It starts with a call to 9-1-1. Except when the victim walks up to the front door of Chris Helberg's house in Ukiah, or a neighbor calls a member of the Quick Response Team at home.
"We respond to 30 to 70 incidents a year," Helberg said. Those calls include automobile and four-wheeler accidents, horse-related and gunshot injuries, broken bones and heart attacks.
"We get a lot of calls during hunting season," she said. "There are so many people out in the woods then."
Helberg, who is certified as an intermediate emergency medical technician, or EMT, joined the Ukiah Quick Response Team when she moved to town in 1989. Membership in the team has gone up and down since it started in 1979, and recently had dropped to two.
In January, Helberg offered a first responder class. Eight people signed up, some to renew their certification and some to get it for the first time. They paid for the texts and Helberg donated her time. With Helberg and three official drivers, the team now numbers 12.
QRT members learned how to assess an emergency situation, determine what needs to be done, and perform advanced first aid.
The team has had an ambulance since 1979 but under state law is not allowed to transport patients. The actual transport is done by the Pendleton ambulance.
"We've been out in the snow, in the summer, on fires," Helberg said. "We've packed people out of wilderness areas, we've packed them out on ATV's. We've got the patient all shipped and packaged and ready to go. It saves the Pendleton ambulance a lot of time."
The team's current ambulance was donated by the Pilot Rock Volunteer Fire Department when it acquired an ambulance from Pendleton. It is stocked with first aid supplies, oxygen, suction devices for airways, and a gurney. The team also has an automated defibrillator for heart attack victims.
Everyone on the team is a volunteer. Money to maintain the ambulance comes from donations and grants. Collection cans are set out in various business in Ukiah, and people who have been helped by the team often make donations. The Community Bargain Counter, a thrift shop in Pendleton, has given about $2000 over the years, and the AmVets organization has donated about $3000.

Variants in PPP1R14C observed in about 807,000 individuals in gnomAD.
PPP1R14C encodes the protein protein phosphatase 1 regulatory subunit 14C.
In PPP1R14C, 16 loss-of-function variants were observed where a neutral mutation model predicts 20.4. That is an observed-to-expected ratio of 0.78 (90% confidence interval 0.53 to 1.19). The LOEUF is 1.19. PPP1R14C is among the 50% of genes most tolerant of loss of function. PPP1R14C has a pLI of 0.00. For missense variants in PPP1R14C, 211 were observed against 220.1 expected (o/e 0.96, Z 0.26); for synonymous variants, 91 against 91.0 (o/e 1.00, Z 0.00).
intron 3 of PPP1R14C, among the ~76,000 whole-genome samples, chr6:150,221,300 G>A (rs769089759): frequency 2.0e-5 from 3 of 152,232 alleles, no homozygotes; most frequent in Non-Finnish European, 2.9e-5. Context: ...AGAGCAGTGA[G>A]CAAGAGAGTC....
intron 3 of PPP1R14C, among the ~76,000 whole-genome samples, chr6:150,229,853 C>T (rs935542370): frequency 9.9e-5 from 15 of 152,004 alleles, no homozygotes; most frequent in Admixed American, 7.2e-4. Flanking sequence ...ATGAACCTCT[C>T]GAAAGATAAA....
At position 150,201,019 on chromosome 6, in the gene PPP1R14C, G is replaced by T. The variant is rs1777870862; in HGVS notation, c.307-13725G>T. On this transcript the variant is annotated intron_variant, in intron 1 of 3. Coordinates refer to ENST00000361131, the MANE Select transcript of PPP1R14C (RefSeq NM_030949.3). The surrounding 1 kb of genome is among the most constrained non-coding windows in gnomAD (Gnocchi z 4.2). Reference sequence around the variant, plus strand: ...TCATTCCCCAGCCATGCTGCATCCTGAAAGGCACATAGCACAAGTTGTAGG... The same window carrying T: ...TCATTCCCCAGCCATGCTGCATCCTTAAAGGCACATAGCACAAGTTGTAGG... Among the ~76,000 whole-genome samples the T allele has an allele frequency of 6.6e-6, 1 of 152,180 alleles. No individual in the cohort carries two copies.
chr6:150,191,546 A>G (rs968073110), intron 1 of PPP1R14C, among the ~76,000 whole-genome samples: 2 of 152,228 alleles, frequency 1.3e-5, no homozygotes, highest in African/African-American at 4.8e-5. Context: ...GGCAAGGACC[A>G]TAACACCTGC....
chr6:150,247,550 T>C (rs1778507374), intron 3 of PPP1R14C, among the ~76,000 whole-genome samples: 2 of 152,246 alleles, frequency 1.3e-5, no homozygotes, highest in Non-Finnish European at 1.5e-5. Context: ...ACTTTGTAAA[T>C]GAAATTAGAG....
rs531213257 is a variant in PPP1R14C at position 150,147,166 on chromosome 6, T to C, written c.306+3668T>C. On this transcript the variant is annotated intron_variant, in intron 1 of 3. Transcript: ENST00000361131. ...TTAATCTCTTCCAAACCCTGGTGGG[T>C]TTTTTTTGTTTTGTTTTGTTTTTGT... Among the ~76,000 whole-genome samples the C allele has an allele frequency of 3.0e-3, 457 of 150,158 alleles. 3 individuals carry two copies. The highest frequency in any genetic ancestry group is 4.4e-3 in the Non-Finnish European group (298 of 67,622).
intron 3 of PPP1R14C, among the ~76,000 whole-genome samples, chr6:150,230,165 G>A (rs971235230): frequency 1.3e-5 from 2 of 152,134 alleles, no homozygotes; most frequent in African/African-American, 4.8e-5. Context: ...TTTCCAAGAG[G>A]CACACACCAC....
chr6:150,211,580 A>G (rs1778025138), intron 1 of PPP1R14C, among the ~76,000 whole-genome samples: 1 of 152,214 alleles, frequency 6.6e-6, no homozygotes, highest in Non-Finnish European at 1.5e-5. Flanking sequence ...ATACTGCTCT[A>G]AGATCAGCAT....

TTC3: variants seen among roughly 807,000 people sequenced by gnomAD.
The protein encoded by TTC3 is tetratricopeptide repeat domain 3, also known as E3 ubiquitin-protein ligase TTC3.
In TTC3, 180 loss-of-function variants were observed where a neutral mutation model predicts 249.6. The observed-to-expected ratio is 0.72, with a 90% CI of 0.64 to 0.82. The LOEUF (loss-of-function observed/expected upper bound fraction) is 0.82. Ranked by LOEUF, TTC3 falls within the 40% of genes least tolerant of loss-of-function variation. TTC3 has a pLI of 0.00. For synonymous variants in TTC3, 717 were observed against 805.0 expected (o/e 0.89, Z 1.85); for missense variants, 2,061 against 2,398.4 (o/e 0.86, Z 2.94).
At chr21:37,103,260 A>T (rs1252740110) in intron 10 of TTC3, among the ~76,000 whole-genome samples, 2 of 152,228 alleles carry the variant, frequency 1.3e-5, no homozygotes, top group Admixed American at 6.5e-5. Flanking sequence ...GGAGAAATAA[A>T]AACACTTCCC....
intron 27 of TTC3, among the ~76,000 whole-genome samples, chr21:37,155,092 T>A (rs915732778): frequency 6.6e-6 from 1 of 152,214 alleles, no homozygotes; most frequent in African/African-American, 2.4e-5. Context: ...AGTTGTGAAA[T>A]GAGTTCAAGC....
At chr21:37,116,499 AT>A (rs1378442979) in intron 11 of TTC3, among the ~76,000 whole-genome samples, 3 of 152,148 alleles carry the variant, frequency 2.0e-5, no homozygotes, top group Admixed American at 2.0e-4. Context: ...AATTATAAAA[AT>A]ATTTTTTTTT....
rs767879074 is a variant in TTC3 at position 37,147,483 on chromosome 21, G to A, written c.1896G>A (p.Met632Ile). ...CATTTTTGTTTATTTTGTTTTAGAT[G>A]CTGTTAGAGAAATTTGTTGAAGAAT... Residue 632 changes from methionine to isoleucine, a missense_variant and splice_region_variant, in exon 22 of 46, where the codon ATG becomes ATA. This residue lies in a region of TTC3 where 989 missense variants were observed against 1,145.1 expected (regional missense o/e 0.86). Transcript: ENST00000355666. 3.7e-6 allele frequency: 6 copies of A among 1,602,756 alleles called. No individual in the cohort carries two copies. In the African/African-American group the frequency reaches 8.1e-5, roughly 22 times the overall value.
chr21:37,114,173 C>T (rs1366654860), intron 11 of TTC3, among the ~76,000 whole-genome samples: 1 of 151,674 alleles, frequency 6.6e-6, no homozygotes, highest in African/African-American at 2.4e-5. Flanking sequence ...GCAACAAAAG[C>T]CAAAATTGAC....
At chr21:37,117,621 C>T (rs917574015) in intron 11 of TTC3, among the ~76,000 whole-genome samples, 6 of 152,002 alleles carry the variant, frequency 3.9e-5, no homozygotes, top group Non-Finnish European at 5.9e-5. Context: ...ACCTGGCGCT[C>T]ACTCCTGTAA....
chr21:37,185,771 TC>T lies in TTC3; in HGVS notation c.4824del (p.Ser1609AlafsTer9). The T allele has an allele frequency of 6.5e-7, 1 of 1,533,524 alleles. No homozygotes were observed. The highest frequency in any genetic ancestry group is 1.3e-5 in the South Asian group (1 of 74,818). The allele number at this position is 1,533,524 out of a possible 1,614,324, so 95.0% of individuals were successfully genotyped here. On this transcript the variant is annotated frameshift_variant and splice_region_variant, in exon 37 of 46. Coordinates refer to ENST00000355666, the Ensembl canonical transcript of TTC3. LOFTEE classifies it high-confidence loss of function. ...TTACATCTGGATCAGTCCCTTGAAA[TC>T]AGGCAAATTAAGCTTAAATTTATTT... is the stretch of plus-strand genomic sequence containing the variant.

It costs about $1000 a year to keep the ambulance going, Helberg said.
"And that will go up significantly in the next few years," she added. The team's physician advisor, Dr. Robert Boss, who practices in Boardman, donates his time. Helberg said that when he retires the team may have to pay for an advisor. In addition, the team may face additional costs for insurance.
The City of Ukiah carries vehicle insurance on the ambulance, and provides garage space at the Fire Department. The U.S. Forest Service has also provided support, and may help pay for training for team members who want to upgrade their certification.
Half the team members, including Helberg, work for the North Fork John Day Ranger District.
"I don't think I could quit," she said. "I'd have to move away. After you've done something in a town this size for so long, you're kind of set in that role."
Stephanie Picard volunteered for the team so she would be competent to deal with accidents or emergencies, especially those involving children.
"We always have a lot of little kids floating around in our yard," Picard said. "You never know what's going to occur. I could perform CPR and do first aid until the professionals come. I wouldn't be helpless."
Mike Gatens had taken CPR and first aid training as part of his Forest Service job for many years. Now he is a basic EMT and plans to take more classes and get certified as an intermediate EMT.
"I enjoy helping people," he said. "It's scary, but it makes you feel good. Ukiah has been shorthanded, and I wanted to do my part to help out."
Bill Gilliland, the emergency medical services coordinator for the Pendleton Ambulance Service, grew up in Ukiah. He remembers when the team was formed in 1979. Two nurses from Heppner offered the training, and the team acquired a retired ambulance from The Dalles.
Before that, Gilliland said, people who needed help with medical emergencies or injuries often had to wait well over an hour for medical attention. The quick response teams, which also exist in Pilot Rock and Meacham, make a big difference in patient outcomes.
"With so many illnesses and injuries," Gilliland said, "the first few minutes make a difference in whether the patient survives or not."